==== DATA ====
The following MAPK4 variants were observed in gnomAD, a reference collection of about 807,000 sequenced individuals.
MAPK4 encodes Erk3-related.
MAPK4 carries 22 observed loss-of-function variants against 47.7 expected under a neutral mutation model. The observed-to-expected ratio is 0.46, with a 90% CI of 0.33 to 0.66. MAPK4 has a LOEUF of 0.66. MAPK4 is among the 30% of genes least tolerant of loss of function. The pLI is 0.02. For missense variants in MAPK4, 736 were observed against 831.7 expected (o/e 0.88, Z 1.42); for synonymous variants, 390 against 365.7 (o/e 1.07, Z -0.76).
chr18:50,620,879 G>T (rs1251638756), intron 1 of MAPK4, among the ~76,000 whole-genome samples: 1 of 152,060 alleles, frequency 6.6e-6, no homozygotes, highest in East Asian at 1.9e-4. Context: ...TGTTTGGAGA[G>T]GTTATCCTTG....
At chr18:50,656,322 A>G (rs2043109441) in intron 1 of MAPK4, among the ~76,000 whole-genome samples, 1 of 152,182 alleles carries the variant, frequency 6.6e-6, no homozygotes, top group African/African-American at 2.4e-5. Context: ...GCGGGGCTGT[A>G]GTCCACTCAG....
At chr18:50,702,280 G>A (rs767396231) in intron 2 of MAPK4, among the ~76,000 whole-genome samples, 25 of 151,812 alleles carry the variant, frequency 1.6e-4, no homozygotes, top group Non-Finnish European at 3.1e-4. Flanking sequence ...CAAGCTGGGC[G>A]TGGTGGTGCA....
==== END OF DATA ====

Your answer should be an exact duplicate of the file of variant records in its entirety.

The following MAPK4 variants were observed in gnomAD, a reference collection of about 807,000 sequenced individuals.
MAPK4 encodes Erk3-related.
MAPK4 carries 22 observed loss-of-function variants against 47.7 expected under a neutral mutation model. The observed-to-expected ratio is 0.46, with a 90% CI of 0.33 to 0.66. MAPK4 has a LOEUF of 0.66. MAPK4 is among the 30% of genes least tolerant of loss of function. The pLI is 0.02. For missense variants in MAPK4, 736 were observed against 831.7 expected (o/e 0.88, Z 1.42); for synonymous variants, 390 against 365.7 (o/e 1.07, Z -0.76).
chr18:50,620,879 G>T (rs1251638756), intron 1 of MAPK4, among the ~76,000 whole-genome samples: 1 of 152,060 alleles, frequency 6.6e-6, no homozygotes, highest in East Asian at 1.9e-4. Context: ...TGTTTGGAGA[G>T]GTTATCCTTG....
At chr18:50,656,322 A>G (rs2043109441) in intron 1 of MAPK4, among the ~76,000 whole-genome samples, 1 of 152,182 alleles carries the variant, frequency 6.6e-6, no homozygotes, top group African/African-American at 2.4e-5. Context: ...GCGGGGCTGT[A>G]GTCCACTCAG....
At chr18:50,702,280 G>A (rs767396231) in intron 2 of MAPK4, among the ~76,000 whole-genome samples, 25 of 151,812 alleles carry the variant, frequency 1.6e-4, no homozygotes, top group Non-Finnish European at 3.1e-4. Flanking sequence ...CAAGCTGGGC[G>A]TGGTGGTGCA....